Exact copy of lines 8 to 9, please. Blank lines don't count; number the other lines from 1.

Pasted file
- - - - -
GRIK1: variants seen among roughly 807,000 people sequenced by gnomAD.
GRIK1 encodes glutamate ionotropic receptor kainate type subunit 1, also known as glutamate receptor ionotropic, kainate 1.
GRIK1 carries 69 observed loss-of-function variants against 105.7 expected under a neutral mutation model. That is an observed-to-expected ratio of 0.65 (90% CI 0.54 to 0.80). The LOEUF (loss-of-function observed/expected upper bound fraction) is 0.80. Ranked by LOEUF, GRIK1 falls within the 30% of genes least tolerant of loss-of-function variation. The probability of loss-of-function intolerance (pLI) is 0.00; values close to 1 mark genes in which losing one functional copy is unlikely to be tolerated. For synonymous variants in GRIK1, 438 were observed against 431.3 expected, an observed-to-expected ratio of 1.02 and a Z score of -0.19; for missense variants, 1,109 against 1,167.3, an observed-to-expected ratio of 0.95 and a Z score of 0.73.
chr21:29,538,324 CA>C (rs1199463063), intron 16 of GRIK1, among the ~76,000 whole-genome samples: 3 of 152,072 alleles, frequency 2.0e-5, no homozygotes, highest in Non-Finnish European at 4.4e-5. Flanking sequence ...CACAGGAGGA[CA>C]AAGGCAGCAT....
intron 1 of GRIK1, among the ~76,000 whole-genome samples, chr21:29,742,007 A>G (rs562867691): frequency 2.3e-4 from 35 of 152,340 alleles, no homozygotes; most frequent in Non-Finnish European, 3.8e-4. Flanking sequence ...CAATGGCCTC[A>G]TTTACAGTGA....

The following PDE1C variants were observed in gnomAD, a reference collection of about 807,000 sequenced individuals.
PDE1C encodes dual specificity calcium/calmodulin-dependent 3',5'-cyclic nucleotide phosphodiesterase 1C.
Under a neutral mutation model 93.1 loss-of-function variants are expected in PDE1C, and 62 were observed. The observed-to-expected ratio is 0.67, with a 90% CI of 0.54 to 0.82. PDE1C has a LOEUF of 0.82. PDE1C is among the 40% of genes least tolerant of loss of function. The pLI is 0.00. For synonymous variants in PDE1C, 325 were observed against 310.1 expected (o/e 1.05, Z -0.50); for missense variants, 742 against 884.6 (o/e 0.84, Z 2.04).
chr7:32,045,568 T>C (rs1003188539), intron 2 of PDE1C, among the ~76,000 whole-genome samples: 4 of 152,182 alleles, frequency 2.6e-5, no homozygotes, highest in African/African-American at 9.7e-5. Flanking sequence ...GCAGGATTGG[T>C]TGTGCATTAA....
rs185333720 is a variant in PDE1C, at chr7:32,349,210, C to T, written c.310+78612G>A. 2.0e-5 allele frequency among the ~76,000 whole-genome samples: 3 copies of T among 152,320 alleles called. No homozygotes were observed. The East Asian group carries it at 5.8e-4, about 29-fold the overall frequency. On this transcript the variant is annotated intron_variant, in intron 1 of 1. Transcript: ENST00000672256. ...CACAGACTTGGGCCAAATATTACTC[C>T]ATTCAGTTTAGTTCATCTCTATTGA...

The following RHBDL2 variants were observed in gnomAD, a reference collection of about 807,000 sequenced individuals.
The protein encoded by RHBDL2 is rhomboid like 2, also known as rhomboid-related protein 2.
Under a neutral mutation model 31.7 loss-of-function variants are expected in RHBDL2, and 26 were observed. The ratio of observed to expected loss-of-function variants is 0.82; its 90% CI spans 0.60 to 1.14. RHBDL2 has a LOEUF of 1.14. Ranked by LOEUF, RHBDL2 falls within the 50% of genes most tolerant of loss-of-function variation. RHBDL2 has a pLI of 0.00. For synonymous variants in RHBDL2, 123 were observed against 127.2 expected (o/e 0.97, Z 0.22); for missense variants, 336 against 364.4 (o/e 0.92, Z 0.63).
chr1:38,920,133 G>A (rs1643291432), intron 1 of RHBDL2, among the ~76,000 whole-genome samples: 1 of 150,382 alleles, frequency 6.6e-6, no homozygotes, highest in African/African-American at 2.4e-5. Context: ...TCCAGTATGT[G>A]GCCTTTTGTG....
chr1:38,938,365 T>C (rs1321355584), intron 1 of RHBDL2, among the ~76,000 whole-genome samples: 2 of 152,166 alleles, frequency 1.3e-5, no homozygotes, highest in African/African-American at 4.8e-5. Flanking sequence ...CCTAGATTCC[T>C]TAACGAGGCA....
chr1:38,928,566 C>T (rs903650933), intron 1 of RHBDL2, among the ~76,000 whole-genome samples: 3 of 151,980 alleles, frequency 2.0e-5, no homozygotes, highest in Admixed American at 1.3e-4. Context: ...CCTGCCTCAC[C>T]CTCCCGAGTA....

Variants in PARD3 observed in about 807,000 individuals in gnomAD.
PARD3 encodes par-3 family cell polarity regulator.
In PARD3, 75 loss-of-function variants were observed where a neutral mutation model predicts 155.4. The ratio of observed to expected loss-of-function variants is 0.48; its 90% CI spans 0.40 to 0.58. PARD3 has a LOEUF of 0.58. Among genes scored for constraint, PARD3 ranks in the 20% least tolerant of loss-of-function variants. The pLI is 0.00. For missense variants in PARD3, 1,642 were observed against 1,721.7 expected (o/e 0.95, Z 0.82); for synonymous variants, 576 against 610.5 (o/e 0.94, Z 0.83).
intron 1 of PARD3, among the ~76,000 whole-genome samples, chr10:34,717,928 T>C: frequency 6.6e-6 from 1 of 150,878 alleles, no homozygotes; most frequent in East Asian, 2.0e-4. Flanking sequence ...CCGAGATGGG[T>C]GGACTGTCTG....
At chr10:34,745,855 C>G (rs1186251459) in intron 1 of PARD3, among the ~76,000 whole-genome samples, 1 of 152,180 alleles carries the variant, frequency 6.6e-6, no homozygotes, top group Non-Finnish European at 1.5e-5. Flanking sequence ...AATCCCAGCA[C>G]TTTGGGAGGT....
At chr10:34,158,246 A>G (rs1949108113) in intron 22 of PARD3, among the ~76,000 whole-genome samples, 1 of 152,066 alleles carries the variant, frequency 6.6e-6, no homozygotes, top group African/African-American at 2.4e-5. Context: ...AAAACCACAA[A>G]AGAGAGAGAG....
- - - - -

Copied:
Under a neutral mutation model 93.1 loss-of-function variants are expected in PDE1C, and 62 were observed. The observed-to-expected ratio is 0.67, with a 90% CI of 0.54 to 0.82. PDE1C has a LOEUF of 0.82. PDE1C is among the 40% of genes least tolerant of loss of function. The pLI is 0.00. For synonymous variants in PDE1C, 325 were observed against 310.1 expected (o/e 1.05, Z -0.50); for missense variants, 742 against 884.6 (o/e 0.84, Z 2.04).
chr7:32,045,568 T>C (rs1003188539), intron 2 of PDE1C, among the ~76,000 whole-genome samples: 4 of 152,182 alleles, frequency 2.6e-5, no homozygotes, highest in African/African-American at 9.7e-5. Flanking sequence ...GCAGGATTGG[T>C]TGTGCATTAA....